'Twas the rise of the automobile and the aeroplane that did it in. Folks basically travel by car or air these days. If it’s closer than about 1,000 miles, you drive; farther away, you fly. I know lots of “snowbirds”, retirees who routinely drive from Illinois and Michigan to Florida every winter and back again in the spring, Detroit to Orlando being about 1,100 miles. And these are grandparents, and even though they grew up riding trains, they don’t even consider taking Amtrak.
Amtrak is widely considered hopeless as “transportation”, for two reasons. First, because once you get where you’re going, you don’t have a car for further transportation, and very few cities have decent, comprehensive public transportation, so there you are with your little pile of luggage on the train platform.
I could take Amtrak from Springfield to Chicago, but once I got off the train, I’d be S.O.L. for wheels unless I wanted to rent a car or take taxis or figure out the Chicago bus system, and I don’t really want to pay for a taxi, or a rental car–I already have a car at home, all paid for and everything, why should I pay to use someone else’s car?–and I don’t really want to stand there on a bus corner with my little pile of luggage.
Second, Amtrak so rarely goes where you want to go. As long as you want to embark in Springfield and disembark in Chicago, you’re copacetic, but if you want to go to Cedar Rapids, Iowa, you’re S.O.L.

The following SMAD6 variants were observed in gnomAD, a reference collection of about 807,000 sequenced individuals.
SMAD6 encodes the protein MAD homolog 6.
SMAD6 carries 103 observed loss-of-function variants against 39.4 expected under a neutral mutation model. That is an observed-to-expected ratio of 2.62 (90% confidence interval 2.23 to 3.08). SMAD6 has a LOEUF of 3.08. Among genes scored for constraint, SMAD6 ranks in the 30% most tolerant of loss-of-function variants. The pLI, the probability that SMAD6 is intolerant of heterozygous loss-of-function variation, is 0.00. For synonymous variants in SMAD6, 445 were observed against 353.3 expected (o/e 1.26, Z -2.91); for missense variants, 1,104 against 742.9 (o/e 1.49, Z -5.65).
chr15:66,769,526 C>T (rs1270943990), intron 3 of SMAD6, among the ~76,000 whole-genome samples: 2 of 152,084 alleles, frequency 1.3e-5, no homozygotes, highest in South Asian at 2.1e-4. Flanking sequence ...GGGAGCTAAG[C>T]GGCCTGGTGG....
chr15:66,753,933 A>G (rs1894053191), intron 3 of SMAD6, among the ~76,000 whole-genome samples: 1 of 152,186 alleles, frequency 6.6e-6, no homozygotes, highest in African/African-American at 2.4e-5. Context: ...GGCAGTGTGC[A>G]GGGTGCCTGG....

List of destinations for the Midwest.
Trust me, this is a mind-bogglingly limited list. It’s as if British trains only ran between London and Edinburgh, with a couple of side branches out to Plymouth and Liverpool.
For example: There is no train that goes from Major American City Of Detroit to Major American City Of Orlando. To get to Orlando from Detroit, you get on the train in Detroit, and you go to Toledo, Ohio. Then in Toledo you have your choice of trains: you can get on a train for New York City, or a train for Washington D.C. Then once you’re in either NYC or DC, you get on another train that will take you to Orlando.
That’s assuming there are any vacancies, which at peak times of year, there aren’t.
You see why all those snowbirds drive it twice a year. They load up the Buick with snacks and knitting and magazines and cupholders and head for the interstate.
So Amtrak is generally considered only for people who have someone meeting them at the other end (college kids coming home for Thanksgiving, grandparents coming to see the new baby), and for novelty/vacation trips, “Hey, let’s ride the train from New York to Chicago!”
What travels on the American rail system nowadays is freight, and not that much of it, mostly bulk shipping of stuff like corn syrup, and containerized shipping. Most everything else goes by truck. There are abandoned railroad grades all over the country that have been converted into hiking trails, bike routes, bridle paths, etc.
I’m not talking about in-and-around-Chicago commuter trains like METRA, ya understand, just Amtrak.